For instance : One at 9 am. One at 12pm or 2 pm as current. And one at 6pm.

And similarly check outs at 9 am, 12pm or 2pm and 6 pm.

A guest checking in at 9 am and beyond has to check out by 9 am on his day of departure.

If she/he checks out between 9 and 12 then there will be a 25% surcharge to the room rate.

A check out between 12 and 6 gets a 50% surcharge. And a check out after 6 pm is deemed a whole extra day.

This has a few advantages to both parties

From the guest perspective

Gets a room when she is most likely to arrive.

Has access to the room for a 24 hour cycle, which maximizes  utility.

Can buy incremental blocks of time on payment. Great help at check out, when you have a late night flight.

From the hotel perspective

Formalises the early check in/late check out through a published method

Rooms get available in batches distributing the house keeping staff work load

Cuts queues at check out as people are not trying to beat the 12 pm check out

And of course a happy customer

Wonder when a hotel chain embarks on 24 hour check outs and banishes this particular issue that bothers travelers around the world.

Or is it only me?

Thoughts any one?

Advertisements
Categories: Uncategorized Tags: , ,
  1. April 7, 2010 at 9:56 am

    Greetings Mr. Vasudevan:

    Thank you very much for your comprehensive piece about hotel check-ins. Your entry was very insightful triggered much discussion amongst our management here at The Westin Tokyo.

    However, first and foremost may I extend a heartfelt apology on behalf of the entire staff and in particular the Front Desk for the inconvenience caused at your check-in upon your last stay with us. Understandably, after a long flight and feeling fatigued, the experience noted in your blog is not quite the Westin Tokyo experience we intend for our guests.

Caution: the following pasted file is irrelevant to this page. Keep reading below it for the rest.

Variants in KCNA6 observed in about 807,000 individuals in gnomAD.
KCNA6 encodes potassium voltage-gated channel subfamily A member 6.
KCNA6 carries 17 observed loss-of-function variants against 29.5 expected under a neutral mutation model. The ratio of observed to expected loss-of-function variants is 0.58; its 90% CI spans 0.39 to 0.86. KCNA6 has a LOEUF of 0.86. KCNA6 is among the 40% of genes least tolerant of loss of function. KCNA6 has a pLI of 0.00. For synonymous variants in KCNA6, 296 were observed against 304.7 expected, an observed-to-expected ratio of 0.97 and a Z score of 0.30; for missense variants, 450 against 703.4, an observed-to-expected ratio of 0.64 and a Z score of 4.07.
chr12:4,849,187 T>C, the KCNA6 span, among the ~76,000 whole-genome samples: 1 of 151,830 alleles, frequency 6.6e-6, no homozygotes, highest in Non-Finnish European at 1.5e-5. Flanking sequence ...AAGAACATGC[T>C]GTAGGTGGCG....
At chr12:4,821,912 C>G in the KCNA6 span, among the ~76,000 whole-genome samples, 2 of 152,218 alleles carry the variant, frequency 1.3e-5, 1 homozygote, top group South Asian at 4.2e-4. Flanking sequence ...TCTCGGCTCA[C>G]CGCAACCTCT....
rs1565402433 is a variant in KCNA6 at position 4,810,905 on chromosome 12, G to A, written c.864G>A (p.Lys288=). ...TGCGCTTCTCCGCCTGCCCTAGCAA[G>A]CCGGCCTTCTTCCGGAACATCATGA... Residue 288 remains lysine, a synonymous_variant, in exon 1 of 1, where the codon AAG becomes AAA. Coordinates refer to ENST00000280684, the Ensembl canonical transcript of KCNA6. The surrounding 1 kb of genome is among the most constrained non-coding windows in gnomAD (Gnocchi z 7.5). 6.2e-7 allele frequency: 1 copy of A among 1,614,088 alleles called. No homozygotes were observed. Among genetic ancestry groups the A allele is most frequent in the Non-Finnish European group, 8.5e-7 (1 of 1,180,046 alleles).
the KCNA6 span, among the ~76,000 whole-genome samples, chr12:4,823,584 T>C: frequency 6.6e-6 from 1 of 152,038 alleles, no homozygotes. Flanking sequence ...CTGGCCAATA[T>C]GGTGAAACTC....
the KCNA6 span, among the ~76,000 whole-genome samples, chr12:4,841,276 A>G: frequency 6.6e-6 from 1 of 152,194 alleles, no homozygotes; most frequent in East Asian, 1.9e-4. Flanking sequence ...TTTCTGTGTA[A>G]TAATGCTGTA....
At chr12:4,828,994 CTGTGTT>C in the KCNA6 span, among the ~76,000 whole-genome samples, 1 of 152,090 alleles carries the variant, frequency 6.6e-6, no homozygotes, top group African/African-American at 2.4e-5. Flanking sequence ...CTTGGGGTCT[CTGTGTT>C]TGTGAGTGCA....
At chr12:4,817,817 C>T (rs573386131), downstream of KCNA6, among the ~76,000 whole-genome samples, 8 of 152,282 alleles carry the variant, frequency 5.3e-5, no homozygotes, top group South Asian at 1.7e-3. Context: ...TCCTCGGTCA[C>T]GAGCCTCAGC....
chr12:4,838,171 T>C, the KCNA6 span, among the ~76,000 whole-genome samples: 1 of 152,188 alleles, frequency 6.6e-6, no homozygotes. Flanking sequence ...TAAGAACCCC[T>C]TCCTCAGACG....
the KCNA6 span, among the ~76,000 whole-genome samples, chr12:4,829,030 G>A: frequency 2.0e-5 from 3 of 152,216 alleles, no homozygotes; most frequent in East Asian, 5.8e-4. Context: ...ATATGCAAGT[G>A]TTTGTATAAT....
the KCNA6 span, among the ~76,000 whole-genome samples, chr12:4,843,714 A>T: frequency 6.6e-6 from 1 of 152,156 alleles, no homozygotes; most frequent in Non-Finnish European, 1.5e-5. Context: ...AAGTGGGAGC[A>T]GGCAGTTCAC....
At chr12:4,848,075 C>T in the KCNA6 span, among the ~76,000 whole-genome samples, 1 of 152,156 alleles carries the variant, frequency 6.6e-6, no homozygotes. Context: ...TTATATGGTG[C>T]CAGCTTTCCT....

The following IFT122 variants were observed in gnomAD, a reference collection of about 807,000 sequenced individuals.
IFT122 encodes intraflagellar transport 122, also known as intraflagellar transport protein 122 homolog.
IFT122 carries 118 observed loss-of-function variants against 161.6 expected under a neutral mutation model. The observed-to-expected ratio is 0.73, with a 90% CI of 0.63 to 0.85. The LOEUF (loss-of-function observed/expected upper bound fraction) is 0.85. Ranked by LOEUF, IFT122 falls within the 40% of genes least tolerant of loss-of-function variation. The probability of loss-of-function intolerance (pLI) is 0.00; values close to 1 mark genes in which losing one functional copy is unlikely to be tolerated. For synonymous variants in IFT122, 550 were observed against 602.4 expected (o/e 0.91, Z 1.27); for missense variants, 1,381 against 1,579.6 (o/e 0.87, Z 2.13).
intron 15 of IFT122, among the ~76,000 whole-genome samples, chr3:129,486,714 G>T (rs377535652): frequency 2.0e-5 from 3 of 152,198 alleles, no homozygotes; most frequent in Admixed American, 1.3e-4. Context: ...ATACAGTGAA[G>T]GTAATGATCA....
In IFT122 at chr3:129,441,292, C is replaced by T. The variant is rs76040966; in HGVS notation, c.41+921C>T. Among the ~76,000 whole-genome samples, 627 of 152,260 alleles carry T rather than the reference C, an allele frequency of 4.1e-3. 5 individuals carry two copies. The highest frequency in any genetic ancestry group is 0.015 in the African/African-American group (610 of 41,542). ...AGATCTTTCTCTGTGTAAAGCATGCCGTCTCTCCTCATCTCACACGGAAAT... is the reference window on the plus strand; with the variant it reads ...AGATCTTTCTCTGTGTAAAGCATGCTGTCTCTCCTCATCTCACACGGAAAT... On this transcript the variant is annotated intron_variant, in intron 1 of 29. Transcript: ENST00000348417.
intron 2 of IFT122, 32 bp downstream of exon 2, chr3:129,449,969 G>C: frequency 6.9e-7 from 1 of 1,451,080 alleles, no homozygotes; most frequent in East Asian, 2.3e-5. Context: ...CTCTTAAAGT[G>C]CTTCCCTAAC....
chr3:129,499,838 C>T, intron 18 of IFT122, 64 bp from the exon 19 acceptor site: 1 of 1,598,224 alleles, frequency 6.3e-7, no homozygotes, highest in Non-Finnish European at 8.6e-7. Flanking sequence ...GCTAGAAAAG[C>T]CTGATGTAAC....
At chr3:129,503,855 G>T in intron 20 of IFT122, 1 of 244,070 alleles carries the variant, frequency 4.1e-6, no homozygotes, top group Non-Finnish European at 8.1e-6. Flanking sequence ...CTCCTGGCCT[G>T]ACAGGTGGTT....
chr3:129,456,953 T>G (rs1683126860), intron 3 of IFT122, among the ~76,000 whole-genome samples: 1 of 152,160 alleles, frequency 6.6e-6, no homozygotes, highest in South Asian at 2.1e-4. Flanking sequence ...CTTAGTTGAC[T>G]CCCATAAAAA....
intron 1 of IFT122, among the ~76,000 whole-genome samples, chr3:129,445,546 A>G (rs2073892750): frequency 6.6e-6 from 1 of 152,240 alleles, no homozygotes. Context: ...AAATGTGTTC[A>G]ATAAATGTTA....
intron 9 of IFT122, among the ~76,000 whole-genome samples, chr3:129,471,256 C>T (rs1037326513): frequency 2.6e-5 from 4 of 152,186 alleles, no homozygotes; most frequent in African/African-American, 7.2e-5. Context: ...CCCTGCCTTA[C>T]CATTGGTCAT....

‘Personal’ service is a core value of the Westin Brand, and here at The Westin Tokyo we take great pride to deliver on this promise.

    Thus, we will take up the challenge and look into ways, to deliver flexible check-in and check-out times to make the arrival experience truly a ‘personal’ one in recognizing this significant need of our cherished guests. Whilst there are many challenges in resolving this issue, we will do everything in our power to be the first hotel to offer a satisfactory solution to this issue.

    In the meantime, should we be able to be of assistance with your travel needs to Tokyo or any other destination, please do not hesitate to contact us.

    We look forward to serving you again in the very near future and thank you for throwing out this challenge.

    Yours sincerely,
    Mirei Ri
    E-Business Coordinator, The Westin Tokyo
    mirei.ri@westin.com

  2. Alfredo
    April 9, 2010 at 4:08 pm

    Amazing that someone at the Westing Tokyo found your blog entry and acted upon. That’s incredible. That’s customer service at it’s best.

  3. April 10, 2010 at 5:24 pm

    I’m really impressed that they’re screening – and reacting to – all media, especially blogs.

  1. January 2, 2011 at 12:28 pm
  2. February 15, 2011 at 9:39 pm

Leave a Reply

Fill in your details below or click an icon to log in:

WordPress.com Logo

You are commenting using your WordPress.com account. Log Out / Change )

Twitter picture

You are commenting using your Twitter account. Log Out / Change )

Facebook photo

You are commenting using your Facebook account. Log Out / Change )

Google+ photo

You are commenting using your Google+ account. Log Out / Change )

Connecting to %s

%d bloggers like this: